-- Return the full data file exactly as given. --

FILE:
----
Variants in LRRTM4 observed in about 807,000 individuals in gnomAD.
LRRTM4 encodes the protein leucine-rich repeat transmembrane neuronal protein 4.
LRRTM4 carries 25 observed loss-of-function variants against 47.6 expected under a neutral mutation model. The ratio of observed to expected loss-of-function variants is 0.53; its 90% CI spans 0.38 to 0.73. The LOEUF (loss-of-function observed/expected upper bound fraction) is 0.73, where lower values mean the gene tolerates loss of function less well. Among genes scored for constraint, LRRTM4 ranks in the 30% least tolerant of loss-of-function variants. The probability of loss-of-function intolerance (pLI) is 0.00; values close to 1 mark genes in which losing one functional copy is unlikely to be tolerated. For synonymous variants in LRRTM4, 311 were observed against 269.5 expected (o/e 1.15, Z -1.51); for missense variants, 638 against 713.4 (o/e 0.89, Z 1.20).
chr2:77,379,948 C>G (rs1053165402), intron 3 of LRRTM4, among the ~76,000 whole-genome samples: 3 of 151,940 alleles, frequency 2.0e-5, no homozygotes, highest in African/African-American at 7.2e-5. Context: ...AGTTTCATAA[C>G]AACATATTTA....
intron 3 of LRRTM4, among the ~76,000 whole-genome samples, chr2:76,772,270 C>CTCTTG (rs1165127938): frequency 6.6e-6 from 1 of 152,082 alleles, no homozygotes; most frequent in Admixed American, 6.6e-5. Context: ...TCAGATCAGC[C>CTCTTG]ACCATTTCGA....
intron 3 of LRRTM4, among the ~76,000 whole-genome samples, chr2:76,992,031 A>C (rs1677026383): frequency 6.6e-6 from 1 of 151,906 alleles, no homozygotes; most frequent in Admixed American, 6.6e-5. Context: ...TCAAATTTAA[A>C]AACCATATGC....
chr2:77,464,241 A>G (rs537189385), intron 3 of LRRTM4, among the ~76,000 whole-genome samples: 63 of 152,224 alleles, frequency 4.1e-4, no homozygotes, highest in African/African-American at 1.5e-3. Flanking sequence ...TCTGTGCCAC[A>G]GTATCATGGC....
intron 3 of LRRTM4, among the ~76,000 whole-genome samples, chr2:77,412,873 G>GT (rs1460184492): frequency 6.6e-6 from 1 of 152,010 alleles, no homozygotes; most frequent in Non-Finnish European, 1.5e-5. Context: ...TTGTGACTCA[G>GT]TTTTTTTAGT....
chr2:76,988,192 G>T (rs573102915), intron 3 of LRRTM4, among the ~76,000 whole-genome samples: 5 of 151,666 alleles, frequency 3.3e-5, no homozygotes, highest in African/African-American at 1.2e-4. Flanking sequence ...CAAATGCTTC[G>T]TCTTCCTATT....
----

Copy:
Variants in LRRTM4 observed in about 807,000 individuals in gnomAD.
LRRTM4 encodes the protein leucine-rich repeat transmembrane neuronal protein 4.
LRRTM4 carries 25 observed loss-of-function variants against 47.6 expected under a neutral mutation model. The ratio of observed to expected loss-of-function variants is 0.53; its 90% CI spans 0.38 to 0.73. The LOEUF (loss-of-function observed/expected upper bound fraction) is 0.73, where lower values mean the gene tolerates loss of function less well. Among genes scored for constraint, LRRTM4 ranks in the 30% least tolerant of loss-of-function variants. The probability of loss-of-function intolerance (pLI) is 0.00; values close to 1 mark genes in which losing one functional copy is unlikely to be tolerated. For synonymous variants in LRRTM4, 311 were observed against 269.5 expected (o/e 1.15, Z -1.51); for missense variants, 638 against 713.4 (o/e 0.89, Z 1.20).
chr2:77,379,948 C>G (rs1053165402), intron 3 of LRRTM4, among the ~76,000 whole-genome samples: 3 of 151,940 alleles, frequency 2.0e-5, no homozygotes, highest in African/African-American at 7.2e-5. Context: ...AGTTTCATAA[C>G]AACATATTTA....
intron 3 of LRRTM4, among the ~76,000 whole-genome samples, chr2:76,772,270 C>CTCTTG (rs1165127938): frequency 6.6e-6 from 1 of 152,082 alleles, no homozygotes; most frequent in Admixed American, 6.6e-5. Context: ...TCAGATCAGC[C>CTCTTG]ACCATTTCGA....
intron 3 of LRRTM4, among the ~76,000 whole-genome samples, chr2:76,992,031 A>C (rs1677026383): frequency 6.6e-6 from 1 of 151,906 alleles, no homozygotes; most frequent in Admixed American, 6.6e-5. Context: ...TCAAATTTAA[A>C]AACCATATGC....
chr2:77,464,241 A>G (rs537189385), intron 3 of LRRTM4, among the ~76,000 whole-genome samples: 63 of 152,224 alleles, frequency 4.1e-4, no homozygotes, highest in African/African-American at 1.5e-3. Flanking sequence ...TCTGTGCCAC[A>G]GTATCATGGC....
intron 3 of LRRTM4, among the ~76,000 whole-genome samples, chr2:77,412,873 G>GT (rs1460184492): frequency 6.6e-6 from 1 of 152,010 alleles, no homozygotes; most frequent in Non-Finnish European, 1.5e-5. Context: ...TTGTGACTCA[G>GT]TTTTTTTAGT....
chr2:76,988,192 G>T (rs573102915), intron 3 of LRRTM4, among the ~76,000 whole-genome samples: 5 of 151,666 alleles, frequency 3.3e-5, no homozygotes, highest in African/African-American at 1.2e-4. Flanking sequence ...CAAATGCTTC[G>T]TCTTCCTATT....